The following manuscript is a scientific output of the Indian Sub-continent NANO Regional Project.
Effect of Mariculture on bio-optical properties and water quality of Gulf of Mannar and Palk Baya
S.S. et al. (2019) Regional Studies in Marine Science, Vol. 29, 100618, DOI 10.1016/j.rsma.2019.100618
Marine cage aquaculture is gaining importance in India, due to its contribution as an alternate livelihood to coastal communities and also because of its export value. Water quality is the most important determinant for sustainable marine cage farming. Nutrient enrichment in coastal waters results in increased occurrence of algal blooms. A mariculture practice makes the coastal waters eutrophic due to increased input of nitrogen and phosphorous, ultimately leading to bloom. A phytoplankton bloom dominated by Trichodesmium species was detected outside mariculture cages located in Gulf of Mannar during August, 2015, which possibly interfered with fish gill function. High nutrient and chlorophyll a (Chl-a) (29.97 mg/m3) concentration were observed during peak bloom period. Three groups of phytoplankton were identified — diatoms (24 species with, 14 centric species and 10 pennate species), dinoflagellates (10 species) and cyanobacteria (one species). Stable salinity condition and the depletion in nutrient concentration due to higher primary production might have triggered the bloom of Trichodesmium. In-situ bio-optical measurements were also made to understand the spatial and temporal variation and effect of bloom on the optical components. Our study is a preliminary step to understanding the in-situ bio-geochemical and bio-optical characteristics of coastal waters of Gulf of Mannar and Palk Bay, which could aid in the management of cage culture sites.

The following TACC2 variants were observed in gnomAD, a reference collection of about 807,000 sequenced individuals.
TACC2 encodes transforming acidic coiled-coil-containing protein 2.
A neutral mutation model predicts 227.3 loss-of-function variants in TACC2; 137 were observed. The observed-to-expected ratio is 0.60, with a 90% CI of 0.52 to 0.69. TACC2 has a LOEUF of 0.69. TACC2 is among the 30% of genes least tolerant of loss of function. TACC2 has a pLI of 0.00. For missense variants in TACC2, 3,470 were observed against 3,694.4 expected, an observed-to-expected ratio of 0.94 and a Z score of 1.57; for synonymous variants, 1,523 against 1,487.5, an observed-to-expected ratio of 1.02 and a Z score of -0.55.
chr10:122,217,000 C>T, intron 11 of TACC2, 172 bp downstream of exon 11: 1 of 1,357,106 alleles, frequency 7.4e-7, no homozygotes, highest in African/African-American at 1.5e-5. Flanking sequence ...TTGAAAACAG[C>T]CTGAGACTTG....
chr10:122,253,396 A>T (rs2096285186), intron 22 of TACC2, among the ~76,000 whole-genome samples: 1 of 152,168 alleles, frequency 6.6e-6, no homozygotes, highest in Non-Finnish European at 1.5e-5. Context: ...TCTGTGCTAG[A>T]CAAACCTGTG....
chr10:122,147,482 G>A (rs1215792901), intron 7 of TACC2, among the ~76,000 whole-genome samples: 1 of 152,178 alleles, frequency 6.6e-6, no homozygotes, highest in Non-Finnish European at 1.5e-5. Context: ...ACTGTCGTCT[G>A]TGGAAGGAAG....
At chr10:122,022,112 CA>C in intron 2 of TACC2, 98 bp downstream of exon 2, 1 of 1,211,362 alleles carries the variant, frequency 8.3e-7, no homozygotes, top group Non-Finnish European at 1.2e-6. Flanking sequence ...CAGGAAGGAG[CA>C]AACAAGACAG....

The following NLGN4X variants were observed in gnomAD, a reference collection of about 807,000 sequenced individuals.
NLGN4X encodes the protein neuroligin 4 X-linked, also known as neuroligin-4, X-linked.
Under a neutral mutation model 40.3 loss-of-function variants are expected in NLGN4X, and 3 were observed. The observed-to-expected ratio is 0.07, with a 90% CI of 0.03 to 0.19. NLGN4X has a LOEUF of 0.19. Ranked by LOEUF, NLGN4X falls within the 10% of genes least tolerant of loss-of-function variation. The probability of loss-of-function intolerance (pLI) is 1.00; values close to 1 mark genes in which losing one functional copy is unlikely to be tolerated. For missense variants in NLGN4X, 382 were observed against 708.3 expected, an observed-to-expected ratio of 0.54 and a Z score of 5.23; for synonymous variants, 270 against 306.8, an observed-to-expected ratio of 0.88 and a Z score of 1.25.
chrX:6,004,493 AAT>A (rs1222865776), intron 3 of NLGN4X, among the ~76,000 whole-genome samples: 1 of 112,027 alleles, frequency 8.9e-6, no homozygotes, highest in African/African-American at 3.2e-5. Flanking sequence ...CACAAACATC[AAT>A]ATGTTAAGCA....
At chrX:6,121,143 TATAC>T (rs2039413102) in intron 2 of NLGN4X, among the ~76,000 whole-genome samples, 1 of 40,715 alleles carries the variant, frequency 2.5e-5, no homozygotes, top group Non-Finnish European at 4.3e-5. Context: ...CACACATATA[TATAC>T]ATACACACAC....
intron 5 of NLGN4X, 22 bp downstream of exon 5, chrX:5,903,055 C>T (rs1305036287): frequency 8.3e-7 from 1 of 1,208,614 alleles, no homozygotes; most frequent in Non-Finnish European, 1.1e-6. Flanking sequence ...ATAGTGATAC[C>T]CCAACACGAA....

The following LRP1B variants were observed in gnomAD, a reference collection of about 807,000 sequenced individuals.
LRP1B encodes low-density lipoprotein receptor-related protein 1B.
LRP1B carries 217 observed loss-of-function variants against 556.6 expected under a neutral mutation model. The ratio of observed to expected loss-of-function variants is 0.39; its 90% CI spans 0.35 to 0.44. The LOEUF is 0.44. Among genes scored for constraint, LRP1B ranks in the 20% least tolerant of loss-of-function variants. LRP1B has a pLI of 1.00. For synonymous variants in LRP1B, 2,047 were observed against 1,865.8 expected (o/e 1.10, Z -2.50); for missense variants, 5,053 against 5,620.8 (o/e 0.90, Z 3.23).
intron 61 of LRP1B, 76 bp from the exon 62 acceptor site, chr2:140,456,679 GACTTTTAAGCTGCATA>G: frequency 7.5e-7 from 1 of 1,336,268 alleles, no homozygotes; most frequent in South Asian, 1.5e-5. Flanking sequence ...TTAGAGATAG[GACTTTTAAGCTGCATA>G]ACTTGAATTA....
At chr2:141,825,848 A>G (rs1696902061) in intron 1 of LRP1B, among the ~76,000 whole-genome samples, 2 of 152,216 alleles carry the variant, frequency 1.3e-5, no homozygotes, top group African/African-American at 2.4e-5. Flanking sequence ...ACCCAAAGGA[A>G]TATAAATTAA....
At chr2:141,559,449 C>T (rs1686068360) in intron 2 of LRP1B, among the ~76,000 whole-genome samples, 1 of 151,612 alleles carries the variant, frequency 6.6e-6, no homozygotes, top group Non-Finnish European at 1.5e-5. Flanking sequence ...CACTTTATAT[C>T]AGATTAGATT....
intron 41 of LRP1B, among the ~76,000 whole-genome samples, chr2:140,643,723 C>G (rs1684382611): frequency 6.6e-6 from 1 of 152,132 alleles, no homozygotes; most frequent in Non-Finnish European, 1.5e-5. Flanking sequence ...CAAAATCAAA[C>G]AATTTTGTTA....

- Algal bloom
- Bio-optical properties
- Gulf of Mannar
Link for the publication here